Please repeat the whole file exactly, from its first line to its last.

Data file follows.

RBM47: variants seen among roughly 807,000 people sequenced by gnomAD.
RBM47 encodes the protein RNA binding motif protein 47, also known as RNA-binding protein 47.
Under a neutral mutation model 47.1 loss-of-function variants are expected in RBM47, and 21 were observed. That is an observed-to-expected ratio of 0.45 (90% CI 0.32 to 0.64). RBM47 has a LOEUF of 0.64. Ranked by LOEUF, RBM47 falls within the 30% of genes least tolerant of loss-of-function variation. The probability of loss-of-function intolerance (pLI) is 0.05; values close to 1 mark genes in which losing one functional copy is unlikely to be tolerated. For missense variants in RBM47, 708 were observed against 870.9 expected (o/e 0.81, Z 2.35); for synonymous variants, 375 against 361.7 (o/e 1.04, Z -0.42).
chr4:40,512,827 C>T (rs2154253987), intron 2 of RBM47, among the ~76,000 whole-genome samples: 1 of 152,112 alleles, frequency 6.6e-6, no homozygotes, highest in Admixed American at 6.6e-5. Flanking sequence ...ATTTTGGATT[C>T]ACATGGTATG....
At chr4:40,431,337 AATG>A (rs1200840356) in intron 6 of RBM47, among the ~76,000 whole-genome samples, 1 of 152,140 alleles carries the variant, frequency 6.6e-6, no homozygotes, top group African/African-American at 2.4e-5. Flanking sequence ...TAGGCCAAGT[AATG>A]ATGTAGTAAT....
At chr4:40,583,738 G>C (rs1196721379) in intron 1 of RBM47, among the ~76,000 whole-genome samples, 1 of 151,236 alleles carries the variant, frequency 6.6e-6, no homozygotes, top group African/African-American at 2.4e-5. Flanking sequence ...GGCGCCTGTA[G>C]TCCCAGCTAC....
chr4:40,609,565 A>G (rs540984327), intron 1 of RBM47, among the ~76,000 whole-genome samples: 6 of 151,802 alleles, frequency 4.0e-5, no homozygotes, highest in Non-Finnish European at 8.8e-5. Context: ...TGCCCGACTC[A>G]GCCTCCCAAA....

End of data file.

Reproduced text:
RBM47: variants seen among roughly 807,000 people sequenced by gnomAD.
RBM47 encodes the protein RNA binding motif protein 47, also known as RNA-binding protein 47.
Under a neutral mutation model 47.1 loss-of-function variants are expected in RBM47, and 21 were observed. That is an observed-to-expected ratio of 0.45 (90% CI 0.32 to 0.64). RBM47 has a LOEUF of 0.64. Ranked by LOEUF, RBM47 falls within the 30% of genes least tolerant of loss-of-function variation. The probability of loss-of-function intolerance (pLI) is 0.05; values close to 1 mark genes in which losing one functional copy is unlikely to be tolerated. For missense variants in RBM47, 708 were observed against 870.9 expected (o/e 0.81, Z 2.35); for synonymous variants, 375 against 361.7 (o/e 1.04, Z -0.42).
chr4:40,512,827 C>T (rs2154253987), intron 2 of RBM47, among the ~76,000 whole-genome samples: 1 of 152,112 alleles, frequency 6.6e-6, no homozygotes, highest in Admixed American at 6.6e-5. Flanking sequence ...ATTTTGGATT[C>T]ACATGGTATG....
At chr4:40,431,337 AATG>A (rs1200840356) in intron 6 of RBM47, among the ~76,000 whole-genome samples, 1 of 152,140 alleles carries the variant, frequency 6.6e-6, no homozygotes, top group African/African-American at 2.4e-5. Flanking sequence ...TAGGCCAAGT[AATG>A]ATGTAGTAAT....
At chr4:40,583,738 G>C (rs1196721379) in intron 1 of RBM47, among the ~76,000 whole-genome samples, 1 of 151,236 alleles carries the variant, frequency 6.6e-6, no homozygotes, top group African/African-American at 2.4e-5. Flanking sequence ...GGCGCCTGTA[G>C]TCCCAGCTAC....
chr4:40,609,565 A>G (rs540984327), intron 1 of RBM47, among the ~76,000 whole-genome samples: 6 of 151,802 alleles, frequency 4.0e-5, no homozygotes, highest in Non-Finnish European at 8.8e-5. Context: ...TGCCCGACTC[A>G]GCCTCCCAAA....